Editor: We’re honored to have an excerpt from Photofocus team member Nicolesy. She’s just released a great new book and video series called Landscape Photography.
When photographing waterfalls and running water, one thing I know for sure is that I will be using an ND filter. These filters decrease the amount of light coming in through the lens and also come in different levels of “stops.” This means that a 3-stop ND filter will increase your exposure time by three stops, a 6-stop ND filter will increase by six stops, and so on. I currently have three ND filters in my inventory: a 3-stop, a 6-stop, and a 10-stop (named the Big Stopper).
When I set up my shot, I don’t always know which filter to use, so I have to do a little bit of testing and use some experiences from other outings to decide what to try. I usually know that I want my exposure to be somewhere in the one- to three-minute range, because that will give me that “cotton-candy” look in the water that I love so much. The sunlight in this location was bright enough that I knew I would need to cut out a lot of the light, even on an overcast day, and so I ended up going with a 10-stop ND filter, which ultimately allowed my shutter to be open for 171 seconds for the main shot (2 minutes 51 seconds).
Next, I needed to find a good composition in this location. When I’m on the hunt for the spot I want to photograph, my lens will often help do the searching for me. For this location I decided to go with a longer lens, the 70–200mm. A wide lens, such as a 24mm (one of my other common lens choices) was just too wide for this scene. I wanted to focus in closer on the details so I opted for the longer zoom. Then, once I had my camera set up and ready to go, I used Live View on my cam- era to view my scenes. Moving the camera around and looking at the LCD screen with Live View turned on helps me see the scene a little differently and can really help frame my shot, especially when using a longer focal length.
Once I found the spot I wanted to photograph, I tried a few compositions to see what would work best. I started out by standing a little further back from the scene to get a lot of the details and more of the background in the frame. I quickly learned that this was not going to work, because there were just too many random twigs and sticks in my frame. So, I moved in closer and composed a little bit differently, but when reviewing the shot I realized that I didn’t like the way the two rocks on the bottom right were “touching,” and also that there was nothing to balance the frame in the upper-right corner. So, I repositioned myself, added space between the two rocks on the bottom right and fit another mossy rock into the upper-right corner of the frame.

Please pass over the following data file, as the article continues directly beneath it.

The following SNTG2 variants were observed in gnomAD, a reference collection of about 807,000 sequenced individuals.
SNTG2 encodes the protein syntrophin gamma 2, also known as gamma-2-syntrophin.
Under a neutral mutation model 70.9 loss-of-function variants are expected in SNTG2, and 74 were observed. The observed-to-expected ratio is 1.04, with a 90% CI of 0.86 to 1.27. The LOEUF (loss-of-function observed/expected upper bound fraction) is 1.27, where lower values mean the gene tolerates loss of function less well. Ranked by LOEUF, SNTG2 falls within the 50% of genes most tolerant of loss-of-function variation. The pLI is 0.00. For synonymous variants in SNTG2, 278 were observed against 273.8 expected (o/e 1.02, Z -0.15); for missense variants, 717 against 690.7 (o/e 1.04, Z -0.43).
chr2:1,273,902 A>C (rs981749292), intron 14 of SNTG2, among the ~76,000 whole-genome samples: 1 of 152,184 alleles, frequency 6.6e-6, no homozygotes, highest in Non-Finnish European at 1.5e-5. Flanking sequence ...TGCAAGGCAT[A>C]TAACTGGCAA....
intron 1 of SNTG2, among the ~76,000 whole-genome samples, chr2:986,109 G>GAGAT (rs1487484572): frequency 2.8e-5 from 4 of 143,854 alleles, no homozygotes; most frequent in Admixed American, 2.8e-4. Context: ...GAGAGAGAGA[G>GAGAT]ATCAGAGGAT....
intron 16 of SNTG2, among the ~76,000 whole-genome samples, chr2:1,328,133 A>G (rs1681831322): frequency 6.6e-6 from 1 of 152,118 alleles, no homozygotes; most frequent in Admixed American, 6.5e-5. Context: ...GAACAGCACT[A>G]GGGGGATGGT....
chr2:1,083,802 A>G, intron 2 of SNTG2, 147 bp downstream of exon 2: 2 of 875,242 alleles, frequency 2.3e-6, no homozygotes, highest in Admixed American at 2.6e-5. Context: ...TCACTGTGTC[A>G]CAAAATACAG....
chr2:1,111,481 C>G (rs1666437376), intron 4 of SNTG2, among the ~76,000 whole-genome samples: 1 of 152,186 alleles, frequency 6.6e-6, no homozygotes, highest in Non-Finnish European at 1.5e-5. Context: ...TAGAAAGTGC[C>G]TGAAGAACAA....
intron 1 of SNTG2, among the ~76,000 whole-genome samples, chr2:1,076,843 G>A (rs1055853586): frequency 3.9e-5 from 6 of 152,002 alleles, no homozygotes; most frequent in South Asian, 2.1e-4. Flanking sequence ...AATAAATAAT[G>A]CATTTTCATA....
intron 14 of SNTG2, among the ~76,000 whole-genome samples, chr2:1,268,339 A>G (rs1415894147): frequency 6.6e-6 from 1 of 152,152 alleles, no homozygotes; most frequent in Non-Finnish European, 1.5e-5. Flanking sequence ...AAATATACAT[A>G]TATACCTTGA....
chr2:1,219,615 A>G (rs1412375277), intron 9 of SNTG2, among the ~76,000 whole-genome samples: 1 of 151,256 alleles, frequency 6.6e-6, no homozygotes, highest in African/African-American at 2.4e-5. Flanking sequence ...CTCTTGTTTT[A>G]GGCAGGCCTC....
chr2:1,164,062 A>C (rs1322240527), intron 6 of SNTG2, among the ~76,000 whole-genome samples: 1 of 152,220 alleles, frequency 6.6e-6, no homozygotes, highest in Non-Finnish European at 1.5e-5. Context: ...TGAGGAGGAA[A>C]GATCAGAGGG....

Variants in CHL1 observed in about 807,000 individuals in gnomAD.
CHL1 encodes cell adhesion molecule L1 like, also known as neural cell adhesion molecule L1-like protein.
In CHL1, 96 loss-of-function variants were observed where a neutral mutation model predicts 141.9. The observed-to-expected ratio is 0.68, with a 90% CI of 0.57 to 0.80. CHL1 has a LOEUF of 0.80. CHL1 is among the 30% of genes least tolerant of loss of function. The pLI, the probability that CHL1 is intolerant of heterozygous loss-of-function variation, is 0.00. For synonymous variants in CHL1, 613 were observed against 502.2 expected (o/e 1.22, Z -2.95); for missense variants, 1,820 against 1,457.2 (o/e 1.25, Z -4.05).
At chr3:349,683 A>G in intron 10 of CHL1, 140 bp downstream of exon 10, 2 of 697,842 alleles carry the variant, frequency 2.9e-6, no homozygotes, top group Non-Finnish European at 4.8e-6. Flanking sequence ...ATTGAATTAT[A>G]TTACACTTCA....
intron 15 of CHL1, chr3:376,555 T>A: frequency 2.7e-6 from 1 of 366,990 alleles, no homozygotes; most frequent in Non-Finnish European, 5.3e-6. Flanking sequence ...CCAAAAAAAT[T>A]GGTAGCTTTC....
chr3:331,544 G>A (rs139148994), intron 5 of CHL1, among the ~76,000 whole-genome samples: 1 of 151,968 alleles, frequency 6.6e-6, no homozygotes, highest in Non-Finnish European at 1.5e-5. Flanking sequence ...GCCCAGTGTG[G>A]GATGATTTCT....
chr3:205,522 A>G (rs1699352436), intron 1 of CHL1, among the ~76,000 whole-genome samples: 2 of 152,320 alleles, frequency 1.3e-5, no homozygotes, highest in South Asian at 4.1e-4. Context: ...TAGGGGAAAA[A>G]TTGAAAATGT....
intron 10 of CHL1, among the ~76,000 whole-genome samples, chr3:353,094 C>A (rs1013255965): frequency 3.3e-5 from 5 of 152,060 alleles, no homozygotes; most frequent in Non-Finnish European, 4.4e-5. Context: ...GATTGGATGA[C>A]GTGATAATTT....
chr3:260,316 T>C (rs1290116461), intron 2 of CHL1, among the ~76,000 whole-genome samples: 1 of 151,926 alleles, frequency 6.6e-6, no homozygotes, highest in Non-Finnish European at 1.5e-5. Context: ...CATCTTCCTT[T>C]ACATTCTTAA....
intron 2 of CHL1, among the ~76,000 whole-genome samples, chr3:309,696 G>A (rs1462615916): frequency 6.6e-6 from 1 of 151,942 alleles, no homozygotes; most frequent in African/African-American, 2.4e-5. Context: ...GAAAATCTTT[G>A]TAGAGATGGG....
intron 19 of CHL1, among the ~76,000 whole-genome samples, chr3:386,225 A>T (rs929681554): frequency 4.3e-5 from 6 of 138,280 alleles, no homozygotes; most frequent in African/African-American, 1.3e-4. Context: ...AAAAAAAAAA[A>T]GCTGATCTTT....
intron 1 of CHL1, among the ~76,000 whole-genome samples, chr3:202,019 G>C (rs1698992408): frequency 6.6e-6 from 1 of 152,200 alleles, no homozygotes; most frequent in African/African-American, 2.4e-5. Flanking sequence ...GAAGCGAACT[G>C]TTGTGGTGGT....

For scenes like these, I’m usually looking for a nice balance of rocks, one in the foreground as well as something of interest in the background, and I find the balance by looking for “triangles” in my scene. These are not so much actual triangle shapes, but rather are items in the scene that, if you were to draw lines in a connect-the-dots fashion, would create a triangle. Balancing your composition this way can help keep the eyes in the scene and prevents them from wandering off of the frame. It’s not always necessary, but for some compositions it can help extremely and keep the entire photograph in balance.
Be sure to check out Nicole’s new book Landscape Photography.
Get a free sample chapter here — http://nicolesyblog.com/wp-content/uploads/2013/09/nicolesy-landscape-ch05.pdf
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